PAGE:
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Hands, Mind, and HeartWhat started as a handful of passionate enthusiasts has developed into a major force—and a significant component—of the aircraft industry.
The Decision is Made...Now What
By Ron Alexander(originally published in EAA Sport Aviation, July 1997)
Thousands of people have successfully built an airplane and any one of them can provide you with the facts pertaining to the building process. Many people want to acquire and fly an airplane as quickly as possible. If you are in that group, you may want to consider buying an airplane thus eliminating the time involved in building your own. However, if you want a rewarding and satisfying experience, I recommend you choose the airplane you want and begin the building process. You will find a large fraternity of builders ready to assist you in any way possible. It is noteworthy that there is a growing number of individuals who simply want to build an aircraft solely for the experience. You may be in that category. Regardless, make sure you become involved with your local EAA Chapter. Chapter members, and especially the EAA Technical Counselors and Flight Advisors, will assist you in deciding what type of airplane to build and they will provide necessary encouragement and support.
Once the decision to build has been made, the next step is to determine what type of airplane you desire. There are over 500 choices available. You can build an aircraft from a set of plans or you can purchase a kit to assemble. You can build anything from an ultralight to a high performance cross-country airplane. The choices are unlimited. First of all, I will discuss a few of the general factors involved in this decision and then I will explain the specifics concerning building a tube and fabric airplane. Other types of construction will follow in subsequent articles.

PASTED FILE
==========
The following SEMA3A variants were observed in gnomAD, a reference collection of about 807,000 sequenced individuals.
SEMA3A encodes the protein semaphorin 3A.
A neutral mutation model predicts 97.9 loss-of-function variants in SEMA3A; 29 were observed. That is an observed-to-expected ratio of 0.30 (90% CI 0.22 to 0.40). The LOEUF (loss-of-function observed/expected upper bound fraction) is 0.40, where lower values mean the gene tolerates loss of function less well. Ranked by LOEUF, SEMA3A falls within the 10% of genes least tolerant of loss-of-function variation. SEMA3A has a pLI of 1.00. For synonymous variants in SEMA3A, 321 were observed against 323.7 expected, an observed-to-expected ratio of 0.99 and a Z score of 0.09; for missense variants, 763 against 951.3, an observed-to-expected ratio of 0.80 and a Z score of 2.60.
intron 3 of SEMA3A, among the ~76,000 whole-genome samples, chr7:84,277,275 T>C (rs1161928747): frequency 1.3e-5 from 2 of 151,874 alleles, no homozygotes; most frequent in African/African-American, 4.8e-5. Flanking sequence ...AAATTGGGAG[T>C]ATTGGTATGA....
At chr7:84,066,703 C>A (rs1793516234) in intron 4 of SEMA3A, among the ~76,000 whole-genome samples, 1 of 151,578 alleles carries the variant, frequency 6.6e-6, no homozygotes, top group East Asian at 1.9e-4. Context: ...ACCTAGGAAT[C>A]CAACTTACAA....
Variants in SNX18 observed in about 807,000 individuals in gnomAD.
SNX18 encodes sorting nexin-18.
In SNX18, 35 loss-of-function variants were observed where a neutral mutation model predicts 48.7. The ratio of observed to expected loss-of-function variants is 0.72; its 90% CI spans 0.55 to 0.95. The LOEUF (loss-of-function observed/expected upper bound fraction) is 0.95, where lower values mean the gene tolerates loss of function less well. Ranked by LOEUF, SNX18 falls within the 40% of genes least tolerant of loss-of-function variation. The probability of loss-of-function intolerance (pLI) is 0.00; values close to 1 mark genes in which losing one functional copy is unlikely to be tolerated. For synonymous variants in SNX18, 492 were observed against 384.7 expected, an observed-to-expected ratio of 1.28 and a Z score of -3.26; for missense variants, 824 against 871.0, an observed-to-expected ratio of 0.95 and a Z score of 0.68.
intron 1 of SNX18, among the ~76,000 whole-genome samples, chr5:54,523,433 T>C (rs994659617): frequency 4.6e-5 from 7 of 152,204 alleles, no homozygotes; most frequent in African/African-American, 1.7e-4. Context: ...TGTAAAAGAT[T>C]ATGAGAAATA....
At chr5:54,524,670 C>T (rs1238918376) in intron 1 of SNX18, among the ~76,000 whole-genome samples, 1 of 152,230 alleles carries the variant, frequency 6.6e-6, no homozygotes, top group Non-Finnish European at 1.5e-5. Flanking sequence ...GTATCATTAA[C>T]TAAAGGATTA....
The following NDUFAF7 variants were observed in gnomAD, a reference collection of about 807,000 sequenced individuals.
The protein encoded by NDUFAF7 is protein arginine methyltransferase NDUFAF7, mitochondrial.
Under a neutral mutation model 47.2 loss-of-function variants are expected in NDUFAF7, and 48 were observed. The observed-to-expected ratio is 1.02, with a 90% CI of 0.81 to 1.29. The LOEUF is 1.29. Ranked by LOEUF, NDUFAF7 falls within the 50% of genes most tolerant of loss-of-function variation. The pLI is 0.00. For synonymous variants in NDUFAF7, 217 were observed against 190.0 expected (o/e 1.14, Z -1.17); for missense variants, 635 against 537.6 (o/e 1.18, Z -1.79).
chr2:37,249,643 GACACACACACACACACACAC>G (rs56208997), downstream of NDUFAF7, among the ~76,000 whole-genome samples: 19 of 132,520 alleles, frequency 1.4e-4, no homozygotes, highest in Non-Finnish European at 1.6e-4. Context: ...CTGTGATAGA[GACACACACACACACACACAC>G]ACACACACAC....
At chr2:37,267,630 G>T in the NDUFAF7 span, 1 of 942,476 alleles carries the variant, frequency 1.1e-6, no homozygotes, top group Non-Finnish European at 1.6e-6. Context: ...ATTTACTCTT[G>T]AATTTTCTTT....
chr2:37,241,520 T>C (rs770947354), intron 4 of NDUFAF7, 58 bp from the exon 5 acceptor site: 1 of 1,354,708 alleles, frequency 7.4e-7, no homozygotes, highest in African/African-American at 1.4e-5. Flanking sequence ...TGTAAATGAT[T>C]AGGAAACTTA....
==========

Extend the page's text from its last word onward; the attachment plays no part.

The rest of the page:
Many elements are involved in deciding what type of airplane to build. Some of these include the purpose for which you will use the airplane, your flying skills, building skills, history of the airplane, type of construction, finances needed, time required, ease of construction, technical support, etc. A conversation with an EAA Tech Counselor to discuss the "building" issues in this article and also with a Flight Advisor on the "flying" issues will save you frustration and money down the road. I will discuss them individually recognizing there are many more that could be listed.